Saturday, August 23, 2014

One More Q&A for Alt-Weekly Reporter Billy Manes

Billy Manes' Orlando Weekly bio ends with the rhetorical, 'In his spare time, he likes listening to Duran Duran with his three miniature pinschers. Don’t you?'

Actually, we prefer Morrissey with a Bichon Frisé, but appreciate the dialogue-spark. That's what Manes does, in print and on film.

Vicki Nantz's 37-minute documentary short Billy & Alan, inspired by Manes' April 2013 cover story "'Til Death Do Us Part...," screens this afternoon in New Orleans at Press Street's Antenna Gallery. The event includes a Q&A with Manes, hosted by Forum for Equality Louisiana's Chris Otten.

Ahead of today's event, Times-Picayune entertainment reporter David Lee Simpson spoke with Manes about the Big Easy showing. The film chronicles the Florida journalist's struggles, following the 2012 suicide death of partner Alan Ray Jordan, with both his late partner's family and the lack of legal protection for same-sex couples in the Sunshine State.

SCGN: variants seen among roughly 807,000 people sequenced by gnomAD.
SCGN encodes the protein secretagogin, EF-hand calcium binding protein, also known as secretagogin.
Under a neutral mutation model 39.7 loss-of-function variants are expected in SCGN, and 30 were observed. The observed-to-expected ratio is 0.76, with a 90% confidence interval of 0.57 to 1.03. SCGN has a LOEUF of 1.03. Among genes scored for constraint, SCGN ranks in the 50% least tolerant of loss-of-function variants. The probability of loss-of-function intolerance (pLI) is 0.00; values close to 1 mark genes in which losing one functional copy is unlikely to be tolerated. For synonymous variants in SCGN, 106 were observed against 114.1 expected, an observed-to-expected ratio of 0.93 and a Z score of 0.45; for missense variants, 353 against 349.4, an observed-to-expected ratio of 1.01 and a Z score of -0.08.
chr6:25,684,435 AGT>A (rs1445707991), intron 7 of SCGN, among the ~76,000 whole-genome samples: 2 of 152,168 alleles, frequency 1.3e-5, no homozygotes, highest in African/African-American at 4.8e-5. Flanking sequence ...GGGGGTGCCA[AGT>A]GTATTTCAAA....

From the article:

Billy & Alan has resonated with festival-goers around the nation, and at first Manes felt he had discussed his story enough. But a May visit to New Orleans put him in touch with "True Colors" organizer Hollis Hannan, and they agreed he should return to discuss the film one more time.
"For me, it's about personalizing the story for people," Manes said. "Everyone thinks that death is a tidy thing. That it's an absolute. It's not. It's ugly. It's ugly for a long time. So I just think it's important that that's part of this message: to get your accounts in order. To get everything settled."

It was Nantz, a friend and supporter of Manes, who first suggested making a documentary based on the cover story. The film was put together in just a few months.

["True Colors"]

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